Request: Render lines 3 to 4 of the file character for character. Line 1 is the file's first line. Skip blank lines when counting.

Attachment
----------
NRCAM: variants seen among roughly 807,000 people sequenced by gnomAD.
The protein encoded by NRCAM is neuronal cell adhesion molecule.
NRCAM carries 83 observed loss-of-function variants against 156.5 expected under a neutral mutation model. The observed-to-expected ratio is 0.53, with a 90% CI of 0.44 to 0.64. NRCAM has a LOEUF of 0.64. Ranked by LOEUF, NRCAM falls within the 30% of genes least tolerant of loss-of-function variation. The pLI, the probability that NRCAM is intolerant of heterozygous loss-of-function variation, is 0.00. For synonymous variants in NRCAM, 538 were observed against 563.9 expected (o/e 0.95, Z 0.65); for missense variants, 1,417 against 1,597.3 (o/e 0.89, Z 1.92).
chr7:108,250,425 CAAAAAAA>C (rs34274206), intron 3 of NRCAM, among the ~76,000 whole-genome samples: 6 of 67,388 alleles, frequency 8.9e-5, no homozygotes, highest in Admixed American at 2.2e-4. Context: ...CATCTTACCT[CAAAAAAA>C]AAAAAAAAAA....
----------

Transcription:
NRCAM carries 83 observed loss-of-function variants against 156.5 expected under a neutral mutation model. The observed-to-expected ratio is 0.53, with a 90% CI of 0.44 to 0.64. NRCAM has a LOEUF of 0.64. Ranked by LOEUF, NRCAM falls within the 30% of genes least tolerant of loss-of-function variation. The pLI, the probability that NRCAM is intolerant of heterozygous loss-of-function variation, is 0.00. For synonymous variants in NRCAM, 538 were observed against 563.9 expected (o/e 0.95, Z 0.65); for missense variants, 1,417 against 1,597.3 (o/e 0.89, Z 1.92).
chr7:108,250,425 CAAAAAAA>C (rs34274206), intron 3 of NRCAM, among the ~76,000 whole-genome samples: 6 of 67,388 alleles, frequency 8.9e-5, no homozygotes, highest in Admixed American at 2.2e-4. Context: ...CATCTTACCT[CAAAAAAA>C]AAAAAAAAAA....